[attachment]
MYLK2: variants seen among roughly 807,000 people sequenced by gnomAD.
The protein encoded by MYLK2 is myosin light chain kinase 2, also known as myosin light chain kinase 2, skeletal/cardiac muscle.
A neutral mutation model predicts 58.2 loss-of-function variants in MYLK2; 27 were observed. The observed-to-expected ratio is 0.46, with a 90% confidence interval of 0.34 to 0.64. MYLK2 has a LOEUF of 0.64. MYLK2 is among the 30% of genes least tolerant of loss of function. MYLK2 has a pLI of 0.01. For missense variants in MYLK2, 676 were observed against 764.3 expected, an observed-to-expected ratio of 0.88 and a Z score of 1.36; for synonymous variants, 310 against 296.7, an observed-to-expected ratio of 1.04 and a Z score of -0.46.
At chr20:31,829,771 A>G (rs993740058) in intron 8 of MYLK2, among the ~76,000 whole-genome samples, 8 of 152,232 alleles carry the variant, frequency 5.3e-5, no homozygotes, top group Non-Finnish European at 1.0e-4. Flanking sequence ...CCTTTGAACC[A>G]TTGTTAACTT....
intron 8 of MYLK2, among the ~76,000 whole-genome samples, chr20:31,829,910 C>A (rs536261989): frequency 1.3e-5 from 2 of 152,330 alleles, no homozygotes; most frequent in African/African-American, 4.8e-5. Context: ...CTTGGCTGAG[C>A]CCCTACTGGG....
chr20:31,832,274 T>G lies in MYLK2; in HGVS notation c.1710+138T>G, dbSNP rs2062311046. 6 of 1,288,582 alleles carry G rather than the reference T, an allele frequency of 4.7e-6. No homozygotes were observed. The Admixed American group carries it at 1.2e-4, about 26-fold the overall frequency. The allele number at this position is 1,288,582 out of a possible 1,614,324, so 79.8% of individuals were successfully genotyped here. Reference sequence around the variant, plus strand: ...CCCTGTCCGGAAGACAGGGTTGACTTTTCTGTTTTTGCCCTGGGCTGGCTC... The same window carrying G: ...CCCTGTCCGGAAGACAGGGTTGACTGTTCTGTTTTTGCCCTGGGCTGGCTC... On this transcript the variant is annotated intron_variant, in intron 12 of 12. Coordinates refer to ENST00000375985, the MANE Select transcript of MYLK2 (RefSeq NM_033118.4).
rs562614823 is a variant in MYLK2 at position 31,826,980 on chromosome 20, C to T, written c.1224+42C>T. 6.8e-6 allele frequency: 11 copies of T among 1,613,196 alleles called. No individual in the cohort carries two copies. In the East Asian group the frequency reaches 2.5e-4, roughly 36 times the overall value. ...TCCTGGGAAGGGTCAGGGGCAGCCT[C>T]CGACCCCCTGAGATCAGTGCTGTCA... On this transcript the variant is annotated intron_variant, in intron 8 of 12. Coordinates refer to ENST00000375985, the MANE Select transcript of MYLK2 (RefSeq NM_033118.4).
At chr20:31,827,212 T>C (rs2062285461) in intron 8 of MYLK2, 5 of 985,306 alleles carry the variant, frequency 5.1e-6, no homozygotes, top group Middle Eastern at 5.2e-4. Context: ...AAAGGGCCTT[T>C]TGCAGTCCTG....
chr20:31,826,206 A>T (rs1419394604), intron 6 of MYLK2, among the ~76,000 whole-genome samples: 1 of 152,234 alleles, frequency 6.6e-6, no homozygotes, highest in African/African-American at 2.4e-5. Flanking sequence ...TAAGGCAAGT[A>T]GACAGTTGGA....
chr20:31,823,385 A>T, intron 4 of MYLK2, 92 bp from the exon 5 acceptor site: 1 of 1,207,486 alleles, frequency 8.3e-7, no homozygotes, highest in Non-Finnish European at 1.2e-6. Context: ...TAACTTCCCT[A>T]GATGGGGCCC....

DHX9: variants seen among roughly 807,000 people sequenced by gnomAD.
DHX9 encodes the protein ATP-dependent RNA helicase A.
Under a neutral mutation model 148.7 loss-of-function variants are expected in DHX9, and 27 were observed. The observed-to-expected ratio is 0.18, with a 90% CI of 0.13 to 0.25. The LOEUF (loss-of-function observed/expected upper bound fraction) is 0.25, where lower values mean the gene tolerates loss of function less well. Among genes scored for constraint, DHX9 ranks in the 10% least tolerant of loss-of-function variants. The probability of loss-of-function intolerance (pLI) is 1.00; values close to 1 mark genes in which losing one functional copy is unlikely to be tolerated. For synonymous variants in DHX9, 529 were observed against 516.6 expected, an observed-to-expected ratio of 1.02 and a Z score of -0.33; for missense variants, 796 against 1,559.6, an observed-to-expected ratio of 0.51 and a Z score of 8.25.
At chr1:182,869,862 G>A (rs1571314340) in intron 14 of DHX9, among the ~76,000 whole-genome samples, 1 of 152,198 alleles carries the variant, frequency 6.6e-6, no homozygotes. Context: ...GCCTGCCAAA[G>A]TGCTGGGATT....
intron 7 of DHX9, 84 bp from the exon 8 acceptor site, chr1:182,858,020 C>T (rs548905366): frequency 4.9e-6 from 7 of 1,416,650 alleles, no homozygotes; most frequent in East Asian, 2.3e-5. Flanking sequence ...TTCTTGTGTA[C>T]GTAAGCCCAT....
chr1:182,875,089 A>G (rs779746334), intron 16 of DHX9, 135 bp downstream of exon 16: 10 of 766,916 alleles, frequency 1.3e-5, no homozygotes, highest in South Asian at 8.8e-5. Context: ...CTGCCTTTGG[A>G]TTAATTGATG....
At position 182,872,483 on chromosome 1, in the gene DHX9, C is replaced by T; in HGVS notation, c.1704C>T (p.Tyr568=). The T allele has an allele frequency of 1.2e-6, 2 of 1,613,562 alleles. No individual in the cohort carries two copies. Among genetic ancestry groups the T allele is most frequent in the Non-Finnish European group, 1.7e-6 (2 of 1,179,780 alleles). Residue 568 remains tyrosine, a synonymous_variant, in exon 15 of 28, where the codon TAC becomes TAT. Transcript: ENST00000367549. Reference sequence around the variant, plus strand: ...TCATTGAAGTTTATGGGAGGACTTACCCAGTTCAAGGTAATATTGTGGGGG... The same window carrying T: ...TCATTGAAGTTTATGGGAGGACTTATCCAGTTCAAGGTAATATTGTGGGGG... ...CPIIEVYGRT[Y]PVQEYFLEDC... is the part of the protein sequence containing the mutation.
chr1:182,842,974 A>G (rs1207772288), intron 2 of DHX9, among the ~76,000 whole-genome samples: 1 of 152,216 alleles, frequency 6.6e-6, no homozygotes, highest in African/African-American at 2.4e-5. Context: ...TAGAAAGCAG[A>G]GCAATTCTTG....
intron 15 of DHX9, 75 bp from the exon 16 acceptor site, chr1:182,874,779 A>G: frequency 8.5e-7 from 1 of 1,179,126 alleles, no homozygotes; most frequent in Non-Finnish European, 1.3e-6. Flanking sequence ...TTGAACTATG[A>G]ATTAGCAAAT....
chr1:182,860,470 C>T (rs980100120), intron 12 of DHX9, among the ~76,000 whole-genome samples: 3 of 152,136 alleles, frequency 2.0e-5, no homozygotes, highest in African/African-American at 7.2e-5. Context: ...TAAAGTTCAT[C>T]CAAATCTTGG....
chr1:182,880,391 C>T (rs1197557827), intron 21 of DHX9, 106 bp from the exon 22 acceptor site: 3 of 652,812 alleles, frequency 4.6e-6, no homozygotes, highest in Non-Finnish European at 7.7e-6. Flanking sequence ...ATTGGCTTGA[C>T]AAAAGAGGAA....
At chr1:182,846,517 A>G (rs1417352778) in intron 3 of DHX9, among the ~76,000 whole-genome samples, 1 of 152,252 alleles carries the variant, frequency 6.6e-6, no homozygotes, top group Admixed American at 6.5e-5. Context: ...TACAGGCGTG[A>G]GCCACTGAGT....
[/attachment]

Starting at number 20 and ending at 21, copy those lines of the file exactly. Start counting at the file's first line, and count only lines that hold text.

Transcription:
chr1:182,860,470 C>T (rs980100120), intron 12 of DHX9, among the ~76,000 whole-genome samples: 3 of 152,136 alleles, frequency 2.0e-5, no homozygotes, highest in African/African-American at 7.2e-5. Context: ...TAAAGTTCAT[C>T]CAAATCTTGG....
chr1:182,880,391 C>T (rs1197557827), intron 21 of DHX9, 106 bp from the exon 22 acceptor site: 3 of 652,812 alleles, frequency 4.6e-6, no homozygotes, highest in Non-Finnish European at 7.7e-6. Flanking sequence ...ATTGGCTTGA[C>T]AAAAGAGGAA....